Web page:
Two-time All-Star Zach LaVine will make his regular season debut on Saturday against the Cavaliers after missing the Bulls’ first two games, writes Joe Cowley of the Chicago Sun-Times. LaVine has had left knee pain, and the problem isn’t new, as he struggled with knee issues most of last season and underwent arthroscopic surgery in the offseason.
Head coach Billy Donovan said LaVine won’t have a minute restriction, but a heavy workload is unlikely.
“There’s no minute restriction on him, but clearly the more load on him you’ll have to watch him,” Donovan said. “There is nothing in the [games] where they say, “Listen, we have to keep his minutes here.” Admittedly, the fact that he plays 40 minutes or 39 or 38 is not the best thing.
According to Julia Poe of the Chicago Tribune, LaVine was a full participant in Thursday’s practice.
“He feels good,” Donovan said Friday. “He was able to find work and told me he felt good. Obviously, yesterday (Thursday) was a very, very light day. He had player development guys guarding him, he was coming off screens, working on his ball handling, using pick-and-rolls. He was doing his normal things. He needed precise training and he was able to do it.
After showing up to camp this fall, LaVine spoke repeatedly about the quality of his knee and was able to play in three of four preseason games. However, he later said that he and the team decided it was best to deal with the issue so he would feel better at the end of the season.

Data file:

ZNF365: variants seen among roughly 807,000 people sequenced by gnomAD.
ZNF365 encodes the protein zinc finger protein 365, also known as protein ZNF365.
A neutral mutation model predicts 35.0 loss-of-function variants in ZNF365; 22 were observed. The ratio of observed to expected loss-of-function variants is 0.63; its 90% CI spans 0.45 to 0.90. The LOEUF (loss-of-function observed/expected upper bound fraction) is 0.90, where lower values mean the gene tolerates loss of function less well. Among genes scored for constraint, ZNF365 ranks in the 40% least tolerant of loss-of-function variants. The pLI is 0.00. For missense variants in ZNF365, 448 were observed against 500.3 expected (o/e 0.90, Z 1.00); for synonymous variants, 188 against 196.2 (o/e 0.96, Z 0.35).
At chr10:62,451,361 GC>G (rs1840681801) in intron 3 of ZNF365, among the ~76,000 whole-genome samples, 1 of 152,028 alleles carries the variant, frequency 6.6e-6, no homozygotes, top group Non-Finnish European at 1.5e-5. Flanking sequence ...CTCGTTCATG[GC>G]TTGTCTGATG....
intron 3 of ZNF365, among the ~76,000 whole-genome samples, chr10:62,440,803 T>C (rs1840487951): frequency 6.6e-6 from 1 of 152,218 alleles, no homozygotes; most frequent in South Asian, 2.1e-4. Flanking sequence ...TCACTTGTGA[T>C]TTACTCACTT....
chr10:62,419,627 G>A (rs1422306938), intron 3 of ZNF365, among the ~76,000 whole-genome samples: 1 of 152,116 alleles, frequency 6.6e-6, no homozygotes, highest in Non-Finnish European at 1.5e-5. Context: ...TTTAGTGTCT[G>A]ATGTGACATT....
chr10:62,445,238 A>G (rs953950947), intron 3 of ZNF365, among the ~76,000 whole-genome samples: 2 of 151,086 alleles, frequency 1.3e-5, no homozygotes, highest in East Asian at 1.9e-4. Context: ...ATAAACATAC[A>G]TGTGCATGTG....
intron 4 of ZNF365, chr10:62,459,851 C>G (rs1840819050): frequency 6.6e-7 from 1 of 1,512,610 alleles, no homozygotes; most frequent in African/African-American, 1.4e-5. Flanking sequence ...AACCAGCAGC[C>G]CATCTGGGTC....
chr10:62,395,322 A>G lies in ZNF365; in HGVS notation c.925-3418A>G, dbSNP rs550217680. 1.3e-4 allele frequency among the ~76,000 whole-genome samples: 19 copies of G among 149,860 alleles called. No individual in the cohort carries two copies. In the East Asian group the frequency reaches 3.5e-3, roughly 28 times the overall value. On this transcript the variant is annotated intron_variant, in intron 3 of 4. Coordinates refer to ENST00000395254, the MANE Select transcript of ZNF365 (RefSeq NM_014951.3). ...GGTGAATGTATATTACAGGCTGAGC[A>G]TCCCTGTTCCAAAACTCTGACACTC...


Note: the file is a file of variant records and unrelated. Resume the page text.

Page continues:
LaVine, who re-signed with the Bulls to a five-year contract with maximum salary over the summer, will be allowed a back-to-back game for the foreseeable future, but his availability remains uncertain beyond that.
“It’s hard to come in and say, ‘OK, here’s the schedule, and here’s the games we’re going to rest him for or handle him for when he’s feeling good,'” Donovan said, per Cowley. “You know, if he’s feeling good, obviously he’s going to want to play, but I also think we have to be smart and [that] it’s more the doctor and the doctors, these guys watching, ‘OK, sometimes it’s not then – it’s a cumulative effect of something that happens later.’
“There may be times when he feels fine and the doctors, our medical group, say, ‘OK, this is the game to rest and recover. So I can’t tell you I looked at the schedule and here are the matches we know [he’ll sit].”